The 1778 case of Knight v Wedderburn is a significant turning point in the history of slavery and the fight for freedom in Scotland. Joseph Knight, an enslaved man from Guinea, challenged his master, John Wedderburn, in a series of court battles that would ultimately lead to the abolition of personal slavery in Scotland. This article delves into the background of Joseph Knight, the details of the case, and its lasting impact on Scottish history and the global fight against slavery.
Early life of Joseph Knight
Joseph Knight was born in Guinea, West Africa, and was captured and sold into slavery at a young age. He was transported to Jamaica, where he was bought by John Wedderburn, a Scottish plantation owner. Wedderburn took Knight under his wing, providing him with an education and training him as a valuable member of his household. In 1769, when Wedderburn decided to return to Scotland, he brought Knight with him.
Life in Scotland
Upon their arrival in Scotland, Wedderburn purchased the Ballindean estate in Perthshire, where the family settled. Joseph Knight continued to live and work in the Wedderburn household, eventually falling in love with a local servant girl named Annie Thomson. The couple married, and when Annie became pregnant, Knight sought permission from Wedderburn to leave his service and set up a home with his wife and child.
Refusal and arrest
Wedderburn refused Knight’s request, resulting in Knight’s subsequent arrest. This sparked a legal battle that would span four years. The case was more protracted than the English Somerset vs Stewart case, but it ultimately led to the abolition of personal slavery in Scotland in 1778.
The Knight v Wedderburn Case
The legal fight between Joseph Knight and John Wedderburn began in 1774 when Knight brought his case to the Justice of the Peace Court in Perth. Knight argued that since slavery was not recognised within Scotland, he should be considered free upon his arrival in the country, even if he had been legally bought in Jamaica. However, the justices disagreed, ruling in favour of Wedderburn.
Appeal to the Sheriff Court
Not willing to give up, Knight appealed the decision to the Perth Sheriff Court, where he won the case. The court ruled that “the state of slavery is not recognised by the laws of this kingdom, and is inconsistent with the principles thereof: That the regulations in Jamaica, concerning slaves, do not extend to this kingdom.”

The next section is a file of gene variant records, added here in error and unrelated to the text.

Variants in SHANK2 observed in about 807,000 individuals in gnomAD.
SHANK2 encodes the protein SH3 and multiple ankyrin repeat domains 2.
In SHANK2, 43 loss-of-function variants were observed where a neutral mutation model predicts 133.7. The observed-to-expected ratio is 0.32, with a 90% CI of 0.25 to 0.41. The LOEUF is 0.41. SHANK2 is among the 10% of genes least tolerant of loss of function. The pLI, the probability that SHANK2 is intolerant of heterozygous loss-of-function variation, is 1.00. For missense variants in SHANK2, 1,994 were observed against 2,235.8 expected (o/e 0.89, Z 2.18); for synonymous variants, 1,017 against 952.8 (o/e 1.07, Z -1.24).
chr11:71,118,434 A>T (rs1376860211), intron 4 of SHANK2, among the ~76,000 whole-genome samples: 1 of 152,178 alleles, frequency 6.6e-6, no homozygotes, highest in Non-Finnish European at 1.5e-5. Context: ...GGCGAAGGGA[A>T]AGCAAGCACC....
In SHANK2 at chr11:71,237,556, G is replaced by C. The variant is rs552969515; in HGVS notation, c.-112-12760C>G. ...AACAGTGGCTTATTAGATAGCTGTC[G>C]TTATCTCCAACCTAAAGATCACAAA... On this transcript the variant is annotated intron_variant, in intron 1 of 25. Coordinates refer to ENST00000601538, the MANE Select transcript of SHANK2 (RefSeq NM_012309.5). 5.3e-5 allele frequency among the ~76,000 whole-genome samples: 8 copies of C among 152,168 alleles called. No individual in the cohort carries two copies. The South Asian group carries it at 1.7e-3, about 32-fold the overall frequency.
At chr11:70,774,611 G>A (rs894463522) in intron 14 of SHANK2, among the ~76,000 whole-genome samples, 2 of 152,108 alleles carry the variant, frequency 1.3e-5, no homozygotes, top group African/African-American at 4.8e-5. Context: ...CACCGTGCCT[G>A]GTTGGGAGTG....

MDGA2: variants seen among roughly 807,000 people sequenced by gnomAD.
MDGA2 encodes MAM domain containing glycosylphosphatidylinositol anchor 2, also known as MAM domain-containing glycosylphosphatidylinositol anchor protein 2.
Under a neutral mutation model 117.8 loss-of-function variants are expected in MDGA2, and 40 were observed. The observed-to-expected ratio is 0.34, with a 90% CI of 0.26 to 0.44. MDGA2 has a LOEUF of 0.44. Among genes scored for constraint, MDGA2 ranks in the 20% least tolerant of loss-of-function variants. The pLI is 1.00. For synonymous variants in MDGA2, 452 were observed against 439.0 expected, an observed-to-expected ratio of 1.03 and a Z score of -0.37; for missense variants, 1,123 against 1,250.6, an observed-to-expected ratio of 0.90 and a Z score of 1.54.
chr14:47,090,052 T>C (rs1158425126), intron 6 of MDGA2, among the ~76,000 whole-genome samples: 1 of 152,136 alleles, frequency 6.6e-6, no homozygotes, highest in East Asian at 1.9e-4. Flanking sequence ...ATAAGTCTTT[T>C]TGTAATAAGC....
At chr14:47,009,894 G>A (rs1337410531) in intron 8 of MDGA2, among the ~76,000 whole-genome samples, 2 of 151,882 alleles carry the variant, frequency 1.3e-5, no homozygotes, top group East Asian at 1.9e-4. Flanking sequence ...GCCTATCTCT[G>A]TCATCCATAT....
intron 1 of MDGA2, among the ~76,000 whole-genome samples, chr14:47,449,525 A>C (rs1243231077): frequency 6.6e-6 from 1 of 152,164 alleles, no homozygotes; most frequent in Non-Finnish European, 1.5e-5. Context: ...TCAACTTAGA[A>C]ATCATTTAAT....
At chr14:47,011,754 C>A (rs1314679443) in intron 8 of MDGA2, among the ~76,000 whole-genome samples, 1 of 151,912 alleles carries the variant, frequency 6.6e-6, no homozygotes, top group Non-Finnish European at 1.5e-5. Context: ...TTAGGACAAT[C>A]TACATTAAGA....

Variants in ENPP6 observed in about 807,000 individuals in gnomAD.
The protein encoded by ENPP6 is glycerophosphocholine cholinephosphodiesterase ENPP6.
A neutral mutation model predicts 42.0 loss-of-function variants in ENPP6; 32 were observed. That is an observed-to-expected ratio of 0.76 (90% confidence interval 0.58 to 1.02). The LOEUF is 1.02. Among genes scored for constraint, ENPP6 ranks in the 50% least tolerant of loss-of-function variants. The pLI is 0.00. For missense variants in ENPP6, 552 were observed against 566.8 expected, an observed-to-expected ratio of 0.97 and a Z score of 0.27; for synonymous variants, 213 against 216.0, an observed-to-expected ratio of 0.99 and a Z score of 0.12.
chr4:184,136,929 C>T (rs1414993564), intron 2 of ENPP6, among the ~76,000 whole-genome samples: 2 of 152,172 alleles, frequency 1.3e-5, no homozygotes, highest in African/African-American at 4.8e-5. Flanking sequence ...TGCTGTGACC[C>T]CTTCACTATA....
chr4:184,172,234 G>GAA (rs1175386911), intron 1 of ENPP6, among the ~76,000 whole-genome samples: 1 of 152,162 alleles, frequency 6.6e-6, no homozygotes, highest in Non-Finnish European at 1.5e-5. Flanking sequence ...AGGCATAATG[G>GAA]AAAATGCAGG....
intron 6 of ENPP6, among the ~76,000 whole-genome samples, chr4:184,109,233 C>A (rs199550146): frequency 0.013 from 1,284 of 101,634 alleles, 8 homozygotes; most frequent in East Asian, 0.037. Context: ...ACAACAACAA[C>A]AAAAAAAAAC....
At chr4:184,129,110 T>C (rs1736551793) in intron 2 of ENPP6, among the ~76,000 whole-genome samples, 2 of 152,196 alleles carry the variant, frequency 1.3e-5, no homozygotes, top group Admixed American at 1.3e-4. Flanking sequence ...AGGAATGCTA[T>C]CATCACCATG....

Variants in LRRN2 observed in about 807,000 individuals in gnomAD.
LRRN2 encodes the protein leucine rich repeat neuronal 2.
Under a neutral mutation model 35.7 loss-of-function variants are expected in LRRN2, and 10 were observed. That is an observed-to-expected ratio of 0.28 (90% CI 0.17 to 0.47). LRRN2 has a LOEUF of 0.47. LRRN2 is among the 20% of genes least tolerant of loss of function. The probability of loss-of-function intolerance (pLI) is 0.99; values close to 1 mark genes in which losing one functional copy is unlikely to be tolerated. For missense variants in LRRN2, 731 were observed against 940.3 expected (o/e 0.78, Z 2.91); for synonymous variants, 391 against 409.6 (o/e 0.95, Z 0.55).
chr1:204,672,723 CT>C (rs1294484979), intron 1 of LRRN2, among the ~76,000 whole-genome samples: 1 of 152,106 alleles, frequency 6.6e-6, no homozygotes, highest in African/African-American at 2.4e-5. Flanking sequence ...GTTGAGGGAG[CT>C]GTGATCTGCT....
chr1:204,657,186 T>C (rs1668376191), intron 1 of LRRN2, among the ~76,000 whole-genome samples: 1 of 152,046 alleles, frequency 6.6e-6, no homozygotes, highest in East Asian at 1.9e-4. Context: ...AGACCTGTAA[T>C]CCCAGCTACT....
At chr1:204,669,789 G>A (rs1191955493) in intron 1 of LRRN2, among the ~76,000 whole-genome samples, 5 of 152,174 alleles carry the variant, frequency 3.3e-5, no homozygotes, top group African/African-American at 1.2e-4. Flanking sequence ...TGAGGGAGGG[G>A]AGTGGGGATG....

The final appeal: Scotland’s Supreme Court
Wedderburn, unwilling to accept the decision, appealed to the Court of Session, Scotland’s Supreme Court in Edinburgh. He argued that Knight was not his slave but rather his ‘perpetual servant’ – a legal distinction that existed in Scottish law. Knight, of course, disagreed, and the final appeal began in 1778.
The court’s decision
In the final appeal, a panel of twelve judges presided over the case. Eight judges sided with Knight, while four were against him. They argued that the law keeping Knight in slavery was unjust and could not be supported in Scotland. This decision marked a significant victory for Joseph Knight and effectively led to the abolition of personal slavery in Scotland.
However, it is important to note that the slave trade itself was not abolished until 1807, and slaves in the colonies were not freed until 1838.
Life after freedom
Following the court’s decision, Joseph Knight and his wife Annie disappeared from the records, leaving their fate unknown. It is assumed that they lived out their lives in Scotland, but the exact date of Knight’s death is unknown.
The controversial lawyer: Henry Dundas
Interestingly, the lawyer who defended Knight’s right to freedom during the court battles was Henry Dundas, the 1st Viscount Melville. Some historians argue that Dundas was responsible for delaying the abolition movement, while others maintain that he supported gradual abolition. Nevertheless, it was this controversial figure who fought for Knight’s freedom.
Legacy of the Knight v Wedderburn Case
The Knight v Wedderburn case is remembered as a landmark decision in the fight against slavery in Scotland. In December 2022, Sir Geoff Palmer and the Lord President of the Court of Session, Lord Carloway, unveiled a plaque commemorating the case and its ruling that slavery was incompatible with Scots law.
The story lives on: Joseph Knight in popular culture
The compelling story of Joseph Knight and his fight for freedom has inspired various creative works. In 2003, author James Robertson published a novel titled “Joseph Knight” based on the freedman and his trial. Additionally, BBC Radio 4 broadcast a radio play, “The Trial of Joseph Knight,” in 2018, starring Nana Amoo-Gottfried as Knight and Ron Donachie as Wedderburn.
The 1778 Knight v Wedderburn case serves as a reminder of the atrocities of slavery and the resilience of those who fought against it. Joseph Knight’s determination to challenge his master and the legal system ultimately changed the course of history in Scotland and contributed to the global fight against slavery.